Think of Italy and you probably think of pasta. But it’s not just Italians who are passionate about this comfort food. Pasta has been crowned the world’s most popular dish, even more so than pizza. That would explain the almost 20 pounds of pasta we put on our plates each year.
Pasta Nutrition. Pasta has a history that goes back possibly thousands of years. This dish is also a mainstay of today’s healthy Mediterranean diet, which includes beans, lentils, nuts, fruits, and vegetables. Most dry pasta is enriched with iron, riboflavin, thiamin, and folic acid. Thus, a one-half cup serving is an excellent source of B vitamins and a good source of iron. Choose whole-wheat pasta for a good source of fiber.
Cook pasta al dente, which translates “to the tooth”—a slightly firm texture, not soft and mushy. The time to reach al dente varies among pastas, from as little as 2 minutes to as much as 8 minutes. Al dente pasta has a low glycemic index (GI). Overcooking raises the GI, making it more likely to raise blood sugar levels.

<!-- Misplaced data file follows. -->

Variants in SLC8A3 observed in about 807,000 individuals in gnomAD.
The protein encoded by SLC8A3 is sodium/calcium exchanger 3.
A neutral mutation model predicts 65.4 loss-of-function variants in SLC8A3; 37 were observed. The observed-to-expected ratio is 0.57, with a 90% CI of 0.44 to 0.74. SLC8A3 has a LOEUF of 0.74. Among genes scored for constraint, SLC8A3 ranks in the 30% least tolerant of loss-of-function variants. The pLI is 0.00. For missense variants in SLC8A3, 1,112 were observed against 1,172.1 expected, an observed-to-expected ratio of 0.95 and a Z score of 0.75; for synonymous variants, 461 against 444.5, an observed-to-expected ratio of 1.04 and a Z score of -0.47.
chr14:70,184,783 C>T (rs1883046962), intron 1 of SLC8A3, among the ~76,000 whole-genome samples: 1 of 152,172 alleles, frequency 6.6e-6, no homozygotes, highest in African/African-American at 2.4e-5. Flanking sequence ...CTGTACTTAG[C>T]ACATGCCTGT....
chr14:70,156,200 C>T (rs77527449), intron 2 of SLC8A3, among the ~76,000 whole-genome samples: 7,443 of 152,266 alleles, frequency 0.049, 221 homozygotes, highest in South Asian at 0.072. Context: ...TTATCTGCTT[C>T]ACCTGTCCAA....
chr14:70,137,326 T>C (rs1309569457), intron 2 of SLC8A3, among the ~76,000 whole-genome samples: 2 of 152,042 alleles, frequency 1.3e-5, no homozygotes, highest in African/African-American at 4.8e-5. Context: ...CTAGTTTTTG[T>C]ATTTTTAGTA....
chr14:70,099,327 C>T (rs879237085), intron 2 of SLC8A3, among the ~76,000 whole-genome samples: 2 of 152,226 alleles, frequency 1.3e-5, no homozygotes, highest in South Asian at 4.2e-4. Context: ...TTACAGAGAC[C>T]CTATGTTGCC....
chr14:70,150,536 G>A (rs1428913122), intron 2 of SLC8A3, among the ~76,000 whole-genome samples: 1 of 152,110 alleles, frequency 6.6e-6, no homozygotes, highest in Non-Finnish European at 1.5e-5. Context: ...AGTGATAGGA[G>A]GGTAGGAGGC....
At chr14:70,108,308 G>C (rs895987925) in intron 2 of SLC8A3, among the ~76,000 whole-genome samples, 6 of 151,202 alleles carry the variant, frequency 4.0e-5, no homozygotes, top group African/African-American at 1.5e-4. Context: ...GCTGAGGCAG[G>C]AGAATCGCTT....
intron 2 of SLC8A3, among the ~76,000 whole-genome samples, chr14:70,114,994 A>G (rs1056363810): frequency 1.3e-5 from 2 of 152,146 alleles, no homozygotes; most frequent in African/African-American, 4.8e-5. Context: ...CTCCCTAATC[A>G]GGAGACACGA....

- Read the directions and don’t overcook pasta.
- Pasta is a great way to get vegetables into your diet. Switch out heavy cream sauces for vegetables and tomato-based sauces.
- Don’t throw out leftover pasta. Refrigerate and get added health benefits when you serve it a second time.
- Mix and match regular pasta with whole-wheat pasta and vegetable pasta.
- Use good portion control with pasta; the standard serving is one-half cup cooked or 1 ounce dry.
- Eat like an Italian and give pasta a regular place on your plate.
Pasta and Health. Studies show pasta consumption is linked with a reduced risk of cardiovascular disease, obesity, diabetes, and metabolic syndrome. This may be due to many factors. When pasta is cooked and cooled, it becomes a resistant starch, which is not broken down by digestive enzymes. Resistant starch increases fat burning and reduces the fat storage of fat cells, suggesting it may help with weight loss. Whole-grain pasta may have the added benefit of promoting fullness and reducing hunger. In addition, pasta is often paired with healthful foods, such as tomatoes, vegetables, and herbs.
Worldwide, most pasta is made from high-protein, hard durum wheat—the same wheat used to make couscous. A different type of wheat is used to make bread and Asian-style noodles. Additional ingredients are added for specialty pastas, such as eggs for egg noodles or tomatoes or spinach for vegetable pastas. As a plant-based food, pasta is environmentally friendly, leaving a much smaller carbon footprint than beef, cheese, fish, pork, eggs, or poultry.
—Densie Webb, PhD, RD